*Try this on something thinner than a barbell, such as the handle of a wooden spoon or something of that likeness, so you can see what it is like to engulf that implement into your hand and use this hook grip.

The key to the hook grip is the lesson of Master Chai. The reason his hand did not break is because he tightened his fist so much that there was no room for the carpels in his hand to move. Thus, there were no moving parts to break, just one big non-breakable mass. The hook grip is like that. If there is no space between your thumb and the bar, you can pull tremendous weight and not really feel the hook grip much.

The hook will “feel” fine for lighter weight that you can still hold with a double pronated grip, even if you are doing it incorrectly and not gripping it as tightly as you should. However, when the weight is greater than what your double pronated grip can hold, you have to grip that bar as if someone is trying to steal your paycheck in order for the hook to work properly. And with a tight—and I mean TIGHT—hook grip, you are smashing your own thumb to the deadlift bar. If you grab the bar with less than your tightest grip, the bar will smash your thumb as the bar is lifted, so now you have gravity, the barbell, and 700 pounds smashing your thumb. The tighter the grip of your hook, the less pain to your thumbs. Now, when I say “less” pain to the thumb, that is a relative term. The hook grip is not a pleasant grip. When I say that, I don’t mean a "going to the dentist" kind of unpleasant. I mean it is significantly unpleasant. You are going to have to mentally commit to this grip in order to do it. It is not like lifting sumo for a training cycle and then doing another training cycle with a conventional stance. This is like getting tattooed—you kind of just get through it.

In my experience, here are some pros to the hook grip:

  • Your body won’t twist or windmill as it can with a pronated and supinated grip.
  • Your supinated bicep is not actively engaged, so it is not exposed to rupture.
  • You have symmetry between your left and right hands.
  • The distance is a little less to pull (every bit counts).
  • You won’t drop the bar because you really can’t drop the bar if you are doing the hook correctly. You will run out of air pulling before you would lose your grip with the hook.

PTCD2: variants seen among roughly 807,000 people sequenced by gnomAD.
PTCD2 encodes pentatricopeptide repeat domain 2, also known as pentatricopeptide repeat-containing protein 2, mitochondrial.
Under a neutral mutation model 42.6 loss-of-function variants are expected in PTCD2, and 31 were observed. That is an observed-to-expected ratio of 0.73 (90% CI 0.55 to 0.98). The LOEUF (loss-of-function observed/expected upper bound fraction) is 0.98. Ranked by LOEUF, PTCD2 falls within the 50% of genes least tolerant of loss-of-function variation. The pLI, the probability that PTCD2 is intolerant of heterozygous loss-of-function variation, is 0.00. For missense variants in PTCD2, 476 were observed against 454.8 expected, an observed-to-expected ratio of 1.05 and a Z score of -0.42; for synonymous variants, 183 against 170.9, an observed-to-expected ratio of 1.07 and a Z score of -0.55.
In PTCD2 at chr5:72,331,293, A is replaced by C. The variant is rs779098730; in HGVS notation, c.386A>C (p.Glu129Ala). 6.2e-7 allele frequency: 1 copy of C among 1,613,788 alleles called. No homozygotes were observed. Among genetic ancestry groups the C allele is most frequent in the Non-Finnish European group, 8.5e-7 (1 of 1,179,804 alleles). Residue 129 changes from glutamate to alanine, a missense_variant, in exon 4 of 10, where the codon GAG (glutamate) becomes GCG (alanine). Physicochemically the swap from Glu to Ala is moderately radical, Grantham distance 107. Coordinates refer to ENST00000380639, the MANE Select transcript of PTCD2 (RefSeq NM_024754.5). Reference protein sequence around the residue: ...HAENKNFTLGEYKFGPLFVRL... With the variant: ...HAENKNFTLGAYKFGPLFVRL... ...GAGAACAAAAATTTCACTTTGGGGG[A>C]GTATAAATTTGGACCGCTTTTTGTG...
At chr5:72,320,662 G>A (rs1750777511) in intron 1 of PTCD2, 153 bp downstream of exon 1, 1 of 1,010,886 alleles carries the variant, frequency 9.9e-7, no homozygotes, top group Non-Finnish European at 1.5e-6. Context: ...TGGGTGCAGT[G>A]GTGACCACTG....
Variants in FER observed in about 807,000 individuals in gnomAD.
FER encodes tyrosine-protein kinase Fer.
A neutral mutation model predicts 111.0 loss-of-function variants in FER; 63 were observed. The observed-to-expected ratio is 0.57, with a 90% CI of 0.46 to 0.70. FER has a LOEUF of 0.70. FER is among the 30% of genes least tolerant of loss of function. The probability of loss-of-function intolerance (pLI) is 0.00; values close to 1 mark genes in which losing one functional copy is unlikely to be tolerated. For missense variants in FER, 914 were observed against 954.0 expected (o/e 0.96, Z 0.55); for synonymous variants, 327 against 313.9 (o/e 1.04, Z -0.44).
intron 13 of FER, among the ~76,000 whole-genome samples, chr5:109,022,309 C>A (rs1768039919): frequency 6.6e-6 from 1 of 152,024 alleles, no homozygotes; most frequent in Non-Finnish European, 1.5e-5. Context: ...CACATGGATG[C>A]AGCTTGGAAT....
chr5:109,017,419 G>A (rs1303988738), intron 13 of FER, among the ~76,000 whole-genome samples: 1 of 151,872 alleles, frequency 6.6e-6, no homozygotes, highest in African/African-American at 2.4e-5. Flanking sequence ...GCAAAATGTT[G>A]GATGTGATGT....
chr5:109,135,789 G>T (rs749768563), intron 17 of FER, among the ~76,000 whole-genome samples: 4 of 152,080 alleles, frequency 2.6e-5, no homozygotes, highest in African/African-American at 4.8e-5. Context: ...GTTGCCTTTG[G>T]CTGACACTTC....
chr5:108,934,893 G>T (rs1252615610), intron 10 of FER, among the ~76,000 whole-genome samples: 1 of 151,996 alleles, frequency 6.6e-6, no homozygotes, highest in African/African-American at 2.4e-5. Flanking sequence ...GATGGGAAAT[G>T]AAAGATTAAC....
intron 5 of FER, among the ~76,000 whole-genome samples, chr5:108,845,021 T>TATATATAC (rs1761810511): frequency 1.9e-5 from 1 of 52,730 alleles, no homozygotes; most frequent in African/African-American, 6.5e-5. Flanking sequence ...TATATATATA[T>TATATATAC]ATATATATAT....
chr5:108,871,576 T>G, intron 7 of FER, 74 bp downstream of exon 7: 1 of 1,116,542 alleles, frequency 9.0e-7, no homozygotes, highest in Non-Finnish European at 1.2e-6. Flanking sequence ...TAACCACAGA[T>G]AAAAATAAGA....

• You are far less likely to have a chunk of your hand rip away, which can happen when gnarled bar meets lose callouses.

That said, here are some cons I have found with the grip:

  • Hook grip is a big hands grip. If you have one of the elitefts™ deadlift bars and you have smaller hands, you should be okay since they are something like 27-28mm. But the hook can be a challenge for smaller hands.
  • Reps are tough. You have to re-grip with each rep, so this might mean using straps on your lighter sets.
  • If you have shorter arms, your fingers can get caught on your suit bottom. Powder it up.
  • The hook takes months to get used to. There is a callous to build up, and it just plain old takes some practice.
  • You can’t half-ass a hook grip deadlift like you can with a traditional grip. You have to commit 100 percent. Even if you don’t have to pull hard to get the weight up, you will have to grip hard to make it tolerable.
  • Plain old unpleasant.

The hook grip is merely one tool in your powerlifting tool box, but it is a specialty tool and well worth experimenting with, regardless if you pull sumo or conventional. Ultimately, the hook grip is a love-hate relationship. You will love the pulling power you get with it; however, you will hate how unpleasant it is at the same time.

*Photos by Bent Nail Photography.  LIKE Bent Nail photography on Facebook.